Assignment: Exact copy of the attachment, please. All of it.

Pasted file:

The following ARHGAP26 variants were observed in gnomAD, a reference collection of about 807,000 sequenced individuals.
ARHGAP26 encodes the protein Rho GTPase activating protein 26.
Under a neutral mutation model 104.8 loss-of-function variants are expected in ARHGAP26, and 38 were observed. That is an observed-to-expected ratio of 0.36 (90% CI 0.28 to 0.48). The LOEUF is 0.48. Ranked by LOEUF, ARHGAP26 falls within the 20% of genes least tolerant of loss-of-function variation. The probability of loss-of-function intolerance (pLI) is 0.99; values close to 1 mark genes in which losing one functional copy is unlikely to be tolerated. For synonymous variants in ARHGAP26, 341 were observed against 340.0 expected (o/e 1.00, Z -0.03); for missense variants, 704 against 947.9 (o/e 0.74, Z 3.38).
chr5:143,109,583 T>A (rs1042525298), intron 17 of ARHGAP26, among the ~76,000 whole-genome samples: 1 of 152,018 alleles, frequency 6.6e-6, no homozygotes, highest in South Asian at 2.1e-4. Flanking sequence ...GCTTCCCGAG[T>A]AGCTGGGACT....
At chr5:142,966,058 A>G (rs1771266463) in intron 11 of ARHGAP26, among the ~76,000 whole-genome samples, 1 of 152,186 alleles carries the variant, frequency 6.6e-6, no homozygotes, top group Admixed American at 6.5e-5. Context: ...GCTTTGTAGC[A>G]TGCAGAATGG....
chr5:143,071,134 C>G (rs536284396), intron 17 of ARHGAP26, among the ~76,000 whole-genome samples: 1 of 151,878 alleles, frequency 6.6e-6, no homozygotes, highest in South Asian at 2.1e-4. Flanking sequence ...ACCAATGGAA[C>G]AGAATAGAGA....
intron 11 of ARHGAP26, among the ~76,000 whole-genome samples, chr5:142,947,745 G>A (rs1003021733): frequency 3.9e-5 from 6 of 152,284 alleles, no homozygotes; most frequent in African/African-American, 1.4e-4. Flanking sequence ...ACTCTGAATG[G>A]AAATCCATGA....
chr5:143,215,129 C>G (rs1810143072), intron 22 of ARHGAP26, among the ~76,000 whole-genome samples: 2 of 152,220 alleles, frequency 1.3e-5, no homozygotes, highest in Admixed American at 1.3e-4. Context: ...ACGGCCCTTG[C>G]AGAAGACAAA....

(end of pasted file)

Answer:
The following ARHGAP26 variants were observed in gnomAD, a reference collection of about 807,000 sequenced individuals.
ARHGAP26 encodes the protein Rho GTPase activating protein 26.
Under a neutral mutation model 104.8 loss-of-function variants are expected in ARHGAP26, and 38 were observed. That is an observed-to-expected ratio of 0.36 (90% CI 0.28 to 0.48). The LOEUF is 0.48. Ranked by LOEUF, ARHGAP26 falls within the 20% of genes least tolerant of loss-of-function variation. The probability of loss-of-function intolerance (pLI) is 0.99; values close to 1 mark genes in which losing one functional copy is unlikely to be tolerated. For synonymous variants in ARHGAP26, 341 were observed against 340.0 expected (o/e 1.00, Z -0.03); for missense variants, 704 against 947.9 (o/e 0.74, Z 3.38).
chr5:143,109,583 T>A (rs1042525298), intron 17 of ARHGAP26, among the ~76,000 whole-genome samples: 1 of 152,018 alleles, frequency 6.6e-6, no homozygotes, highest in South Asian at 2.1e-4. Flanking sequence ...GCTTCCCGAG[T>A]AGCTGGGACT....
At chr5:142,966,058 A>G (rs1771266463) in intron 11 of ARHGAP26, among the ~76,000 whole-genome samples, 1 of 152,186 alleles carries the variant, frequency 6.6e-6, no homozygotes, top group Admixed American at 6.5e-5. Context: ...GCTTTGTAGC[A>G]TGCAGAATGG....
chr5:143,071,134 C>G (rs536284396), intron 17 of ARHGAP26, among the ~76,000 whole-genome samples: 1 of 151,878 alleles, frequency 6.6e-6, no homozygotes, highest in South Asian at 2.1e-4. Flanking sequence ...ACCAATGGAA[C>G]AGAATAGAGA....
intron 11 of ARHGAP26, among the ~76,000 whole-genome samples, chr5:142,947,745 G>A (rs1003021733): frequency 3.9e-5 from 6 of 152,284 alleles, no homozygotes; most frequent in African/African-American, 1.4e-4. Flanking sequence ...ACTCTGAATG[G>A]AAATCCATGA....
chr5:143,215,129 C>G (rs1810143072), intron 22 of ARHGAP26, among the ~76,000 whole-genome samples: 2 of 152,220 alleles, frequency 1.3e-5, no homozygotes, highest in Admixed American at 1.3e-4. Context: ...ACGGCCCTTG[C>G]AGAAGACAAA....